Published by Disney Hyperion on July 12, 2016
Genres: Crime, Law & Crime, Mysteries & Detective Stories, Mystery, Paranormal, Young Adult
Seventeen-year-old Nina Barrows knows all about the Thief. She’s intimately familiar with his hunting methods: how he stalks and kills at random, how he disposes of his victims’ bodies in an abandoned mine in the deepest, most desolate part of a desert.Amazon •
Now, for the first time, Nina has the chance to do something about the serial killer that no one else knows exists. With the help of her former best friend, Warren, she tracks the Thief two thousand miles, to his home turf—the deserts of New Mexico.
But the man she meets there seems nothing like the brutal sociopath with whom she’s had a disturbing connection her whole life. To anyone else, Dylan Shadwell is exactly what he appears to be: a young veteran committed to his girlfriend and her young daughter. As Nina spends more time with him, she begins to doubt the truth she once held as certain: Dylan Shadwell is the Thief. She even starts to wonder . . . what if there is no Thief?
Mature-Content Rating: Violence, Mild Sexual Content
“If he were a killer, he wouldn’t wonder or guess. He wouldn’t care what I thought or felt. My story would be his to write.”
This sounded like a deeply twisted mystery novel and it instantly caught my interest, but the lack of personality on the character’s part and a disgruntling plot left for one dissatisfying read.
Nina’s character is mostly flat. You see glimpses of what she could be, but she never fully develops. It would have helped if the author wasn’t so keen on repetitively making sure the reader knew Nina was ‘bullied’ for her lesbian mother, which didn’t help the story or the character. You never saw others bullying her (you never even saw other kids from the school!) and the bullying didn’t affect her character, but it’s unnecessarily brought up over and over and over…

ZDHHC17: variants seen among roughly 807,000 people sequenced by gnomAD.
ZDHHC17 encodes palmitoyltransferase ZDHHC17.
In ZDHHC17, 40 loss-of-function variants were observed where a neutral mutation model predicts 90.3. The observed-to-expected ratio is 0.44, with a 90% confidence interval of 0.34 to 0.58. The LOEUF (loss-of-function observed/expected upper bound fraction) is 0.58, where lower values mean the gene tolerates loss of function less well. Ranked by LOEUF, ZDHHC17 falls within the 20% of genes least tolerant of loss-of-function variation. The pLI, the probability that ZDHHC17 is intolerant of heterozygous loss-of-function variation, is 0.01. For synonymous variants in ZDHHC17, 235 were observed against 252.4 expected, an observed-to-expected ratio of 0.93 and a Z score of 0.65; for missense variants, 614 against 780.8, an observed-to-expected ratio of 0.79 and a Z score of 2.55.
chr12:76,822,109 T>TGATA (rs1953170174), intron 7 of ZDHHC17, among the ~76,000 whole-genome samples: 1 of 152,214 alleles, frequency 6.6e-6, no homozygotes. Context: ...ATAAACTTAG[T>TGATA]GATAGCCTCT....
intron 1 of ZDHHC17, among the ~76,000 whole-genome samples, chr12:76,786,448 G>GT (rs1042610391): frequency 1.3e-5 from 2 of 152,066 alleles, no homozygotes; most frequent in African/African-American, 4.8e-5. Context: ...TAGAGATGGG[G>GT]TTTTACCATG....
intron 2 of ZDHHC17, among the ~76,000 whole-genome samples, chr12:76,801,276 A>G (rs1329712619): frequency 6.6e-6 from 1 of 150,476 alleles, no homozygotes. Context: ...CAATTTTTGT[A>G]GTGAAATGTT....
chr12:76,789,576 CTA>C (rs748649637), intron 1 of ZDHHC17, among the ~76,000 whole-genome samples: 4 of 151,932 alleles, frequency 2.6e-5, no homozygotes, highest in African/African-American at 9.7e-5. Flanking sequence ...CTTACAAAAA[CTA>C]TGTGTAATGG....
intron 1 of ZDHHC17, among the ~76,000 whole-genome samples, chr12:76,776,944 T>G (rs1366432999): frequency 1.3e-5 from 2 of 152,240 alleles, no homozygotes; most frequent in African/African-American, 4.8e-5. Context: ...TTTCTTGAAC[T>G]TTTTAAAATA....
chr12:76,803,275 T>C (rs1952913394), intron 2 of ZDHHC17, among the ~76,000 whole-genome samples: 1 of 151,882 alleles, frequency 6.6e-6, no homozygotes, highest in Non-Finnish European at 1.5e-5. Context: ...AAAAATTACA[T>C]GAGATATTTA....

Warren is slightly less flat, but really creepy for a love interest. He’s a redneck/former-drug-dealer who has a bit more than a normal crush on Nina. He seems a bit stalker-ish sometimes? Or maybe just a bit obsessive. And again, just as with Nina, we have Warren’s brothers and father (whom never make an appearance in the book) that are constantly mentioned as having a big impact on Warren and Nina, but you never see just what was effected in Warren’s character.
Dylan probably has the most life in the story, which isn’t that much. It’s a big disappointment for me because I’m all for great characters even if the plot is a little wobbly.
A major problem with this book is the TALK. Everything is just talk. A big fat case of telling and no showing. We are TOLD about Warren’s brothers and father and what big jerks they are, but we never see them. We are TOLD that Warren is a sweetheart to his mother, but we never see her. We are TOLD Dylan is great with his girlfriend’s daughter, but we never see them interact. We are TOLD Nina is bullied, but it’s never seen. It’s the most likely reason the characters are so flat and lifeless.
The plot is very interesting and intriguing, but not well executed. At points in the story I know the author is trying to turn the reader for a loop and start making them question Nina’s sanity, but there’re too many plot holes and predictable moments for anything to be really suspenseful. You know the characters, they haven’t changed since the beginning of the story, and you know what they’re going to do in situations.